People walk past a sand sculpture of Michael Jackson created to mark the first anniversary of his death, at the Bay of Bengal coast in India.
People walk past a sand sculpture of Michael Jackson created to mark the first anniversary of his death, at the Bay of Bengal coast in India. AP
If you walked into Hollywood's Amoeba Music in early June last year and asked for the Michael Jackson section, someone would have pointed you to a small selection of Jackson music that was dwarfed by Amoeba's hipper inventory: world music, hip-hop, jazz. It wasn't quite like asking for Barry Manilow, but almost.
Then Jackson died on June 25, and within an hour of the news rocketing around Los Angeles, things changed: "We put everything out, and every single copy of everything good just sold within the hour," says Daniel Tures, Amoeba's manager.
Even the repackaged Jackson stuff that had languished on the shelves just vanished.
"It's cynical to say it, but death can be a very good career move," says Steve Pond, who writes for The Wrap.com, an online daily that reports on the entertainment industry.
A Strong Comeback
Pond noted that several sources have estimated Jackson's posthumous sales to be in the neighborhood of $1 billion.
It's a comeback that has restored Jackson to the powerful peak he enjoyed in the '80s, when albums like Off The Wall and Thriller revived the flagging music industry — and made consumers far less resistant to making the transition to the compact disc. Jackson's death means there will be a finite number of offerings, Pond says, but last year has shown it won't stop sales.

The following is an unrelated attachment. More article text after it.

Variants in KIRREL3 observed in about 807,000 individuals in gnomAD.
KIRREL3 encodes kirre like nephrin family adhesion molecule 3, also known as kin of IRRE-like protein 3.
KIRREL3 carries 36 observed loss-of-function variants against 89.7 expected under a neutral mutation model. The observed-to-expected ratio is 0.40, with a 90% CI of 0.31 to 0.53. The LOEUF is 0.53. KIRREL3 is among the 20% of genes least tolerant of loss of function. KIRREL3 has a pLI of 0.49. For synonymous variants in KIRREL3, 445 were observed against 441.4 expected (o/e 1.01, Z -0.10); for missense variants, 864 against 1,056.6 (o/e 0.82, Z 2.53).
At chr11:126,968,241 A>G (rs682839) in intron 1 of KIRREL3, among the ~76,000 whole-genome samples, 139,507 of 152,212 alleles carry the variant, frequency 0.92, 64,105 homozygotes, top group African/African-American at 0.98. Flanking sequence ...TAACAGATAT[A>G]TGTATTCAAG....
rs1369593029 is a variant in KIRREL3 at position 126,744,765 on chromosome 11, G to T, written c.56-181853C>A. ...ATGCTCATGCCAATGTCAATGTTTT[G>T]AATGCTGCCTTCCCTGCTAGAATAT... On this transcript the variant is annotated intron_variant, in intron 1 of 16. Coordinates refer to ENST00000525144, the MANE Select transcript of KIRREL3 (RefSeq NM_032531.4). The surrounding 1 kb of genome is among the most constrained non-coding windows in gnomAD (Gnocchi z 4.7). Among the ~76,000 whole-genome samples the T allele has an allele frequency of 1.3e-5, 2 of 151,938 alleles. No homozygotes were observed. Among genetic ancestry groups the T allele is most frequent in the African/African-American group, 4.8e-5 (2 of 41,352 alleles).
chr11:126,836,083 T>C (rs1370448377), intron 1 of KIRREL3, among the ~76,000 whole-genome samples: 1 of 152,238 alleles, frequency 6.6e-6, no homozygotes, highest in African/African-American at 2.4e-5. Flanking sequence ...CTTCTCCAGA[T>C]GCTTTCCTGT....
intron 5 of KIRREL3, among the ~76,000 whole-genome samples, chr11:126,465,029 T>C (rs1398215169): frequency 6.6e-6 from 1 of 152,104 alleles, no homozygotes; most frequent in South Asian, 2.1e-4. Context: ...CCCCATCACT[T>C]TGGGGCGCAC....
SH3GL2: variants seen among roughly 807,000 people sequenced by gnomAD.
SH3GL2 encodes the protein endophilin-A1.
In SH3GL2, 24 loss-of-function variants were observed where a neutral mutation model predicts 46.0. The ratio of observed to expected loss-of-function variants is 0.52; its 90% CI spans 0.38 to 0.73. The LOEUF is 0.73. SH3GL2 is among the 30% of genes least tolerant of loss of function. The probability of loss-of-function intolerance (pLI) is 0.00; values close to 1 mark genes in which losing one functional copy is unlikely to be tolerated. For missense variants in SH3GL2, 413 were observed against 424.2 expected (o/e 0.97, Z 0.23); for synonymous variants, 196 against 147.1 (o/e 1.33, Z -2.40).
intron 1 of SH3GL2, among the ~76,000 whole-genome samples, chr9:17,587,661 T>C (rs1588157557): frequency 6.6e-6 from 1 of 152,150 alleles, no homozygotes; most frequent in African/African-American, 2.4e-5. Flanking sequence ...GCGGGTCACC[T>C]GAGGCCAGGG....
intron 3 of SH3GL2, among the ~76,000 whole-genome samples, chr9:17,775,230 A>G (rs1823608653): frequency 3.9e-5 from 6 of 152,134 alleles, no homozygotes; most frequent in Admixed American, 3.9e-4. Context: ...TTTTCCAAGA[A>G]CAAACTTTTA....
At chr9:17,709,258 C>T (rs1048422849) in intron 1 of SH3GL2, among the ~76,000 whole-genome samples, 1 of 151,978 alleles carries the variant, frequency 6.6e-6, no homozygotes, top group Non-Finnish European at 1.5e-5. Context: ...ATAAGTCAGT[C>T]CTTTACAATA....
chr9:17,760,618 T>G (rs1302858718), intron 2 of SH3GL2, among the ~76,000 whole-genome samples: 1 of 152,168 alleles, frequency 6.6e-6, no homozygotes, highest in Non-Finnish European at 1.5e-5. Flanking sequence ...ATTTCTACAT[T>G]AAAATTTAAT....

"Right now, I think there are more re-packagings of Michael Jackson's music than there are original albums. For every album that's out there, there's at least one that puts the same old hits in a different order and puts a new cover on it," he says.
And people continue to buy them — cheerfully.
The big difference between Jackson now and Jackson a year or so ago — besides the obvious — is he's making money, but his outlay has changed dramatically.
Bill Werde, editor of Billboard Magazine, says Jackson's death was shocking and tragic — and fans' interest in everything Jackson resulted in the strange benefit of digging the singer out of a deep financial hole.
"Not only does it spur an incredible interest in that artist, which of course drives sales and other revenue opportunities, but it also removes the spending from the estate in a big way," Werde says.
So the money made from Jackson's music, music catalog and the release of the hit documentary This Is It, which chronicled the King of Pop's last rehearsal, isn't eroded by a large retinue and undisciplined spending habits.
A Model In Elvis
It worked great for Elvis: Thanks to his widow, Priscilla, fans can tour a restored Graceland and buy anything from commemorative figurines to Elvis wine glasses to a woman's charm bracelet featuring more than 30 tiny Elvises. (They range from the panther grace of Jailhouse Rock Elvis to the zaftig, cape-wearing guy standup comedians love to imitate.) He's the gift that keeps on giving.
"Never underestimate the ingenuity of somebody who's trying to make money off an artist who's not around anymore," Pond says, "but if there's money to be made, somebody's going to suggest it."
Bill Werde is guessing that the Jackson estate will choose from among the offers carefully.
"These licensing deals are pure cash deals, and they do quite well for estates," he says.
Even if the estate doesn't pick up every deal, Werde says, there's still going to be a lot of income rolling in for years to come. Jackson's children — Prince, Paris and Blanket — won't need to worry about how they'll pay for college.
"Not only will his children not have to worry about their college tuition," Werde says with a chuckle, "but his children's children and probably their children won't have to worry about college tuition."
So Jackson is making a great living even though he's no longer alive. Kinda reminds you of the refrain from one of his Off The Wall hits: "Got me workin', workin' day and night."